Will Smith, for example, has no idea how to use a gun. He’s using two guns in the picture below, but not accurately aiming either of them. Firing two guns at the same time is just stupid. You can’t aim either of them because you’re looking at both, the stability and accuracy you get by using both hands is gone, and how the hell are you supposed to reload when both of your hands are full of gun? Semi-automatic handguns will fire rounds as fast as you can pull the trigger, which is as just fast as you could pull two triggers, so you gain absolutely nothing by using two and you lose all accuracy.
Anyway, back to Will. He’s also firing while falling, which is a guaranteed way to not hit a damn thing you’re aiming at. His finger is all the way through the trigger guard. If he holds a rifle, it’s never securely against his shoulder. Yet, he’s supposed to be a trained police officer. Someone teach Will Smith gun basics, for the love of dog. This would never happen:
Not to mention the fact that when you fire a gun more than a few times, it gets really hot. Hot to the point where if you touch the barrel, you will burn yourself.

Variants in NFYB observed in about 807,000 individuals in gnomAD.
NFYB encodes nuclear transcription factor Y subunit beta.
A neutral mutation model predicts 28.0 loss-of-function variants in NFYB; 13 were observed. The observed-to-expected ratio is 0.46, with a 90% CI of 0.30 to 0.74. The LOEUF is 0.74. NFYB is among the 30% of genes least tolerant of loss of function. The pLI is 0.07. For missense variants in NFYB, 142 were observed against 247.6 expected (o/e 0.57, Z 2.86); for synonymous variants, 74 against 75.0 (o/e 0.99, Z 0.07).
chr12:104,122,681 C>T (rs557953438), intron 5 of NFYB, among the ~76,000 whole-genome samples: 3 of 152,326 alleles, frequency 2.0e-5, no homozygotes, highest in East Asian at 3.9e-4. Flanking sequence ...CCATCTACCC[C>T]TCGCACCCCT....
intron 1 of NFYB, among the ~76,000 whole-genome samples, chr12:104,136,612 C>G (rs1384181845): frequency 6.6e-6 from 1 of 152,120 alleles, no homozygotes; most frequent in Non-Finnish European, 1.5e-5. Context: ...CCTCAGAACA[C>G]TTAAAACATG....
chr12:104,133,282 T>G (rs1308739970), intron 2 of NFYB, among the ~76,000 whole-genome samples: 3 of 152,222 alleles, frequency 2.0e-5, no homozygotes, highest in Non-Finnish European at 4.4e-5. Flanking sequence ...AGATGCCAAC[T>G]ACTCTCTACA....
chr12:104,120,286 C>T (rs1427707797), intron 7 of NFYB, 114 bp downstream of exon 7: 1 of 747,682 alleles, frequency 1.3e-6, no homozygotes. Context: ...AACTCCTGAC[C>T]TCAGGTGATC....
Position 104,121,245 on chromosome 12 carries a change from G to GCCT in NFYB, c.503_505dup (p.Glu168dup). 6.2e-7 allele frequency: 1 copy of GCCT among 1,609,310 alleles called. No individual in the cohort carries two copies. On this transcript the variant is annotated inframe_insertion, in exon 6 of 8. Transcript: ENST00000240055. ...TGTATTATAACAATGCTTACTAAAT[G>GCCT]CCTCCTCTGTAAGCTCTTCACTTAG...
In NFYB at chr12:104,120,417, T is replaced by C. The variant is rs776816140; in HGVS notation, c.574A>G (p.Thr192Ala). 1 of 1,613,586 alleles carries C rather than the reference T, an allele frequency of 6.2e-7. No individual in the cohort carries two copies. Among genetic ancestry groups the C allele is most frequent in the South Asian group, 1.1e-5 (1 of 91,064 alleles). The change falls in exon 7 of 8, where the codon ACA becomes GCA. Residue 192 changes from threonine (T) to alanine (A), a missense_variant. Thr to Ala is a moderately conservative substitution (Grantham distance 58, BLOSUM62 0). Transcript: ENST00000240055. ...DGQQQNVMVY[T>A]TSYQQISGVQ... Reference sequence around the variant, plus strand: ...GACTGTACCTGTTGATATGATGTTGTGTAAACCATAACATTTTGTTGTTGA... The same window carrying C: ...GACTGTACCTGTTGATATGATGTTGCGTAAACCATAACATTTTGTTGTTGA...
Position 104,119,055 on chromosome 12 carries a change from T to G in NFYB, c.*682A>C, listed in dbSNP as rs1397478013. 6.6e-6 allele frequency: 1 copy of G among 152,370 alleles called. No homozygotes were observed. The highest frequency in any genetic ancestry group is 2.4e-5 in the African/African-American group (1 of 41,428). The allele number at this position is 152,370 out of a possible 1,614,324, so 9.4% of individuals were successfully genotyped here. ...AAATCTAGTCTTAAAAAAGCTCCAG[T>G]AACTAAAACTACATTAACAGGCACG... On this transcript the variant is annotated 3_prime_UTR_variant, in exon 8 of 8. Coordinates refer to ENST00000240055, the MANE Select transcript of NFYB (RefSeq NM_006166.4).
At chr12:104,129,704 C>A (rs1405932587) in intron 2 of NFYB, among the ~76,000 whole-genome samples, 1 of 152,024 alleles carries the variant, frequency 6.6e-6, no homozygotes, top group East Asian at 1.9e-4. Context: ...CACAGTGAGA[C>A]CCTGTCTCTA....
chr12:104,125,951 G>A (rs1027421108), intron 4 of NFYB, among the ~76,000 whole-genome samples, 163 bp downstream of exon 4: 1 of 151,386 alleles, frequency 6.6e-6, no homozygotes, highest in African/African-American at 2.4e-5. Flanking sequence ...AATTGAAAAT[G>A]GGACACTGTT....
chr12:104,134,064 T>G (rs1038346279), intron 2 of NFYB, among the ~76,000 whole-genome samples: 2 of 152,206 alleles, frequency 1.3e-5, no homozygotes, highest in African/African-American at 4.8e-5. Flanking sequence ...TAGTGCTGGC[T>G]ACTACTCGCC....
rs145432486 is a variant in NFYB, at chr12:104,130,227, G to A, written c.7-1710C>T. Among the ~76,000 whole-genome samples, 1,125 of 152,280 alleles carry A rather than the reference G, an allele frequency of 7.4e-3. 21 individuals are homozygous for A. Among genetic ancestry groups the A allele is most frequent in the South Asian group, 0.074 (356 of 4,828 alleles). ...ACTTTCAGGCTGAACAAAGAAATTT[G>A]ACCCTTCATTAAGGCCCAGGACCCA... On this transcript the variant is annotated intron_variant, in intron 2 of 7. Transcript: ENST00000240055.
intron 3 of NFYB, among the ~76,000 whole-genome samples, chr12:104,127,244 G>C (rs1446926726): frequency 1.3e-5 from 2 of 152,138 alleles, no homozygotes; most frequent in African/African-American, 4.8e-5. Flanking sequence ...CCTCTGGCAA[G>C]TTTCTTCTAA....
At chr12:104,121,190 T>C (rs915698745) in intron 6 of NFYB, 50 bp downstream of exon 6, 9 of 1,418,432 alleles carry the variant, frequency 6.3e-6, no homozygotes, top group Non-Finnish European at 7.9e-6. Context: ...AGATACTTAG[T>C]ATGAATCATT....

I’m not saying that science in movies has to be completely accurate. It’s better to have some almost but not quite accurate science in there than to have none at all. But, it seems that Hollywood has absolutely no clue how the universe works. Let’s take the Will Smith movie, Independence Day, as an example. If you’re worried about spoilers for a movie from 1996, skip the next paragraph and video.
In that movie, Will flies up to the mother ship in an alien spacecraft he can somehow fly, kicks some alien butt, blows up the mother ship, and delivers quipy one-liners. The end. Independence Day tries to sell us that they magically hacked the mother ship’s computers with a 1996 laptop, were engulfed in a massive space explosion, and caused every single mother and baby ship to be suddenly broken except the one he magically flies back down to earth. That’s so dumb it doesn’t even qualify as bad science. That’s just lazy storytelling.
Screenwriters trying to jam nonsensical crap like that down my throat is why I don’t watch a lot of Hollywood movies anymore.
Women in film are tropes. In action movies, they’re either helpless, whiny bimbos in need of saving:
Or they’re total badass Sarah Connor kickassiness (who still can’t hold a firearm properly after all that training):
Either way, they’re over the top. There is no gray area. Why can’t women just be, you know, regular people in movies? Why do they always have to be stereotypes of kickass or overemotional, shoe shopping, crying, wanting to get married airheads?
What are your movie pet peeves?